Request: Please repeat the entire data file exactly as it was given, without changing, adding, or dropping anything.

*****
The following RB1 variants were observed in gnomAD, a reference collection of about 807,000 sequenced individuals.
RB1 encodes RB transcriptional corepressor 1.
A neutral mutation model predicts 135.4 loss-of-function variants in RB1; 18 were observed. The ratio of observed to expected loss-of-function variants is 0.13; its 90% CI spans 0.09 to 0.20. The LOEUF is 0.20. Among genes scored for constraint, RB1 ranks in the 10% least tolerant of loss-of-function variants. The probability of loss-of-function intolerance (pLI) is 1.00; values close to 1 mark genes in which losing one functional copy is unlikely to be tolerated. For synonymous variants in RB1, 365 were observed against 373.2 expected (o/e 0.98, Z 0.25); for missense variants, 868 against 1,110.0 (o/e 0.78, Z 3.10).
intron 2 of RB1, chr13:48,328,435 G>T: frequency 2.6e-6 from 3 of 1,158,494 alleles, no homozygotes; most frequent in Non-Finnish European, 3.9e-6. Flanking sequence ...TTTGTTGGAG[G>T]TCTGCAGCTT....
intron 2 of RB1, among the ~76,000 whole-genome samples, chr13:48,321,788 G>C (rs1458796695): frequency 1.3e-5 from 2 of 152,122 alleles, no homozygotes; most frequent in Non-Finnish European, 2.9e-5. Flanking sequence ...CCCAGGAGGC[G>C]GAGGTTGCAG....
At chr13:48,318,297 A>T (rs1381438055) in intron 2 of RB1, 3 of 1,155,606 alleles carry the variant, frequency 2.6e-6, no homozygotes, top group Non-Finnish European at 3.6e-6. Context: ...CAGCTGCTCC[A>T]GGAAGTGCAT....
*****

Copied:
The following RB1 variants were observed in gnomAD, a reference collection of about 807,000 sequenced individuals.
RB1 encodes RB transcriptional corepressor 1.
A neutral mutation model predicts 135.4 loss-of-function variants in RB1; 18 were observed. The ratio of observed to expected loss-of-function variants is 0.13; its 90% CI spans 0.09 to 0.20. The LOEUF is 0.20. Among genes scored for constraint, RB1 ranks in the 10% least tolerant of loss-of-function variants. The probability of loss-of-function intolerance (pLI) is 1.00; values close to 1 mark genes in which losing one functional copy is unlikely to be tolerated. For synonymous variants in RB1, 365 were observed against 373.2 expected (o/e 0.98, Z 0.25); for missense variants, 868 against 1,110.0 (o/e 0.78, Z 3.10).
intron 2 of RB1, chr13:48,328,435 G>T: frequency 2.6e-6 from 3 of 1,158,494 alleles, no homozygotes; most frequent in Non-Finnish European, 3.9e-6. Flanking sequence ...TTTGTTGGAG[G>T]TCTGCAGCTT....
intron 2 of RB1, among the ~76,000 whole-genome samples, chr13:48,321,788 G>C (rs1458796695): frequency 1.3e-5 from 2 of 152,122 alleles, no homozygotes; most frequent in Non-Finnish European, 2.9e-5. Flanking sequence ...CCCAGGAGGC[G>C]GAGGTTGCAG....
At chr13:48,318,297 A>T (rs1381438055) in intron 2 of RB1, 3 of 1,155,606 alleles carry the variant, frequency 2.6e-6, no homozygotes, top group Non-Finnish European at 3.6e-6. Context: ...CAGCTGCTCC[A>T]GGAAGTGCAT....